• Set a budget for every person on your gift list. Heading to the store or getting online with no parameters around what you’ll spend on a particular person is a recipe for overspending. Choose an amount in advance and stick to it. If you have a chance to go window shopping with your loved ones, this can be a good way to get gift ideas and discuss how much you are willing to spend, which helps to manage expectations. Window shopping is a little bit of an old-fashioned activity in our digital world, but the keep-moving combination of walking, talking, looking, chatting and laughing can be a stress reducer. Go soon, before the pressure builds.  
  • Do your research. Before making a purchase, do some checking to see if it can be found at another store for less, if there is a coupon that will reduce the price, etc. Not only will you save money, the feeling of being more in control of how much you spend is empowering. Shopping online provides a convenient way to compare products and read reviews. Having items delivered to your home can reduce the stress of holiday traffic as well.
  • Remind yourself frequently of the reason you are celebrating. Gift giving (and receiving) is fun, but the real joy of the season comes from our interactions with friends, family and even strangers on the street. You know this, and your gift recipients know it as well. Be confident in giving gifts of whatever amount you feel comfortable with.
  • Plan a one-day shopping blitz. For many people, repeated trips to the mall elevate their stress level. Always shop from a list, and if you can, plan a day when you can go from top to bottom in one outing.
  • Pay with cash. Whenever you can pay for holiday expenses with cash. Large credit card bills that come due in January are an unwelcome second serving of holiday stress and anxiety.
  • Don’t procrastinate. If shopping causes you stress, it’s easy to find reasons to put it off. Unfortunately, that delay tends to lead to even greater stress as your gift-giving deadline approaches. Make your list, do your shopping, and then sit back and truly enjoy the season.

One More Stress-Reduction Strategy

By using the tips above, you can better manage your holiday-induced financial anxiety. However, if you need to talk with someone about your mental and emotional health at the holidays or anytime, don’t hesitate to get in touch with us. Utilizing our services is another strategy for helping to make the holidays merrier. Contact us online at communityreachcenter.org or by phone at 303-853-3500 Monday through Friday, 8 a.m. to 5 p.m. We have centers in the north side Denver metro area of Adams County including the cities of Thornton, Westminster, Northglenn, Commerce City and Brighton.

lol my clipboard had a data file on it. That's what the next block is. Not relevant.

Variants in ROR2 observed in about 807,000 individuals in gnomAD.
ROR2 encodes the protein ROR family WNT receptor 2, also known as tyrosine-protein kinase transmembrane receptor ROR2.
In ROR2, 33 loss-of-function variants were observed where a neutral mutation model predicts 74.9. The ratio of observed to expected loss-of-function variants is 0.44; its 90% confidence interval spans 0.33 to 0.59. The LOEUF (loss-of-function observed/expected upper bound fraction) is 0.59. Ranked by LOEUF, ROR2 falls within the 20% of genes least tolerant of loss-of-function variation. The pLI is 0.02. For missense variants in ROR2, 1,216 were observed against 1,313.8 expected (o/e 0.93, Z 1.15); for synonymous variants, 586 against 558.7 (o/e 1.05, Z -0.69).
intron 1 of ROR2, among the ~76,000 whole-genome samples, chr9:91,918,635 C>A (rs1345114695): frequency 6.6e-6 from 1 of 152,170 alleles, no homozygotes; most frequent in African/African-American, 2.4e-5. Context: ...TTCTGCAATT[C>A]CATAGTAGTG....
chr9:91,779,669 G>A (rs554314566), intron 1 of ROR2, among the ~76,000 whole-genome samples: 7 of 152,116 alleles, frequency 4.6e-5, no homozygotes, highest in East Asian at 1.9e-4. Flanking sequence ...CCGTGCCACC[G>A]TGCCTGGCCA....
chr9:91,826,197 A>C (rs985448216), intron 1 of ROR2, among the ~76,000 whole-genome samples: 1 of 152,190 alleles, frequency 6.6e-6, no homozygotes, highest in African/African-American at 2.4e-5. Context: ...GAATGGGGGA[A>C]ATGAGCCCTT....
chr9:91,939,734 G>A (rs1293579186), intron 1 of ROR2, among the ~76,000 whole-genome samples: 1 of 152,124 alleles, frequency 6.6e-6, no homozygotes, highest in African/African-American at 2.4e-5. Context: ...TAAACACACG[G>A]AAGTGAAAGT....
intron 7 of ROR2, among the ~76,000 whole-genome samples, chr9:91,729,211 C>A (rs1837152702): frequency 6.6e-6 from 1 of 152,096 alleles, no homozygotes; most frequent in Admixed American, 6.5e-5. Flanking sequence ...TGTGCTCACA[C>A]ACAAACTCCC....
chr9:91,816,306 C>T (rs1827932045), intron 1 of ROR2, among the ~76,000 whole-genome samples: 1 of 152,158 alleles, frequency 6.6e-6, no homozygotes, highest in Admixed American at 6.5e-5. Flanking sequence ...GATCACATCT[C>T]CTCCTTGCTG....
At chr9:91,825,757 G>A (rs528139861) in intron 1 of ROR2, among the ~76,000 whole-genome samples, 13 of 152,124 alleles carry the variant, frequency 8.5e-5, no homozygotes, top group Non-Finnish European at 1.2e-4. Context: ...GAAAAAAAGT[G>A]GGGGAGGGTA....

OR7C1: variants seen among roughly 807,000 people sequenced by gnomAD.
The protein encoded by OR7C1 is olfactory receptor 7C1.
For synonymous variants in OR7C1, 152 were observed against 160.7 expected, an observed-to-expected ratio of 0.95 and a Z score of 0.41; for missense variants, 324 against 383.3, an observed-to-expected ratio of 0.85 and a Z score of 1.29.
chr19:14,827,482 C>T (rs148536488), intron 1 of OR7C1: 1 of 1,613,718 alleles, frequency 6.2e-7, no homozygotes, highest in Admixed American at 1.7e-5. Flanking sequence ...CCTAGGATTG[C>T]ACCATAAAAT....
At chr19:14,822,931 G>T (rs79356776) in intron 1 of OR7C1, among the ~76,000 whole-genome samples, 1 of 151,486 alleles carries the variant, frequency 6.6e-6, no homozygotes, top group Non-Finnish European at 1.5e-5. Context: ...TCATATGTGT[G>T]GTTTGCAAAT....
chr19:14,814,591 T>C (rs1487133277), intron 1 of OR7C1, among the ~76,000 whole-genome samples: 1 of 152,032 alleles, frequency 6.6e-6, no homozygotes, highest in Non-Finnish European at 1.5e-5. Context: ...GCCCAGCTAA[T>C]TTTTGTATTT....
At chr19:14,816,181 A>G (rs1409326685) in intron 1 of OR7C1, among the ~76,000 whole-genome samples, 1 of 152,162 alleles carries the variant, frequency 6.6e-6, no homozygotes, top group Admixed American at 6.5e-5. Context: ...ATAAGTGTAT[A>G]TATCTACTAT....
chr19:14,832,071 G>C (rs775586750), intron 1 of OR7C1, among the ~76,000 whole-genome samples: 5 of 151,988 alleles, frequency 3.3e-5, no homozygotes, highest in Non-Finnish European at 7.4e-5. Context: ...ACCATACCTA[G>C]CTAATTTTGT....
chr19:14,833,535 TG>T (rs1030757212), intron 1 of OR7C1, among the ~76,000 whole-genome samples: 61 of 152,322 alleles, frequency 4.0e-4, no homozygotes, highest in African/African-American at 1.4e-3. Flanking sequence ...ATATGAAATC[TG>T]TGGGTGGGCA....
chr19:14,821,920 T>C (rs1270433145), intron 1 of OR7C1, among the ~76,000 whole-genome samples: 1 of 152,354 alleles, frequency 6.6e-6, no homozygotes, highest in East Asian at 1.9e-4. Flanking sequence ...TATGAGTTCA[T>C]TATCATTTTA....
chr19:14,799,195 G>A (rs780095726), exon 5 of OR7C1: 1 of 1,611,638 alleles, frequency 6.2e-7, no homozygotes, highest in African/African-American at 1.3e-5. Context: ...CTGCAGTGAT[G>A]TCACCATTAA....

Tips for Talking with a Loved One About Depression, Anxiety or other Mental Illness

Starting a conversation with a loved one who you believe needs treatment for a health condition can be challenging. When that condition involves mental health illnesses, such as depression or anxiety, it can be especially difficult. While people generally wouldn’t object if you encourage them to better manage an illness like diabetes, their reaction may be different if you try to talk with them about mental illness.

In the Mental Health First Aid program,  we encourage people to be gentle and patient when talking with a loved one. Often it takes time for a person to realize to seek help and make some changes that will be better for them and those around them in the long run. If you give them some time to process your conversation before talking with them again, it’s much more likely that they will be receptive to the idea.

How to Break the Ice

One of the most effective ways to start a conversation with a family member or friend about mental health treatment for conditions like anxiety, depression, bipolar disorder and others is to ask questions. Here are some examples:

  • I’m concerned about you. Can we talk about what you are going through? And if you prefer not to talk with me, who would you be most comfortable talking with?
  • I want you to know that I care about you and will always listen if there are life challenges you are struggling with and want to discuss. Are there things you want to talk about now?
  • Can I help start a conversation with your friend/parents/significant other etc. about what you’re going through right now?
  • I’m asking because I care about you, and, have you thought about harming yourself? (which is a question to ask if you suspect a person is considering suicide.)
  • For most problems that we face, there are people, often called peers, who have gone through the same thing. Can I help you find someone who can share their experience with mental illness?

Of course, listening attentively as the person answers your question is critical, as is following through if they take you up on your offer to help connect them with mental health resources.

Key Considerations as the Conversation Takes Place

There are a number of things to keep in mind about talking with a person who you suspect may need mental health treatment. For example, it’s helpful to do some research in advance regarding how and where they can get treatment in case they ask. Also, you should initiate the conversation at a time and place that the person feels that they can open up to you.

As you talk with them, be sure to discuss the issue in a way that is age appropriate. Throughout the conversation, you should look for cues that may indicate they are struggling to understand you. If so, slow down or repeat things as needed. And, you should have a plan for what you will do if they volunteer that they have had suicidal thoughts, including transporting them to an emergency room or other appropriate care provider or calling 911 if you feel that a harmful action is imminent.

You are Doing the Right Thing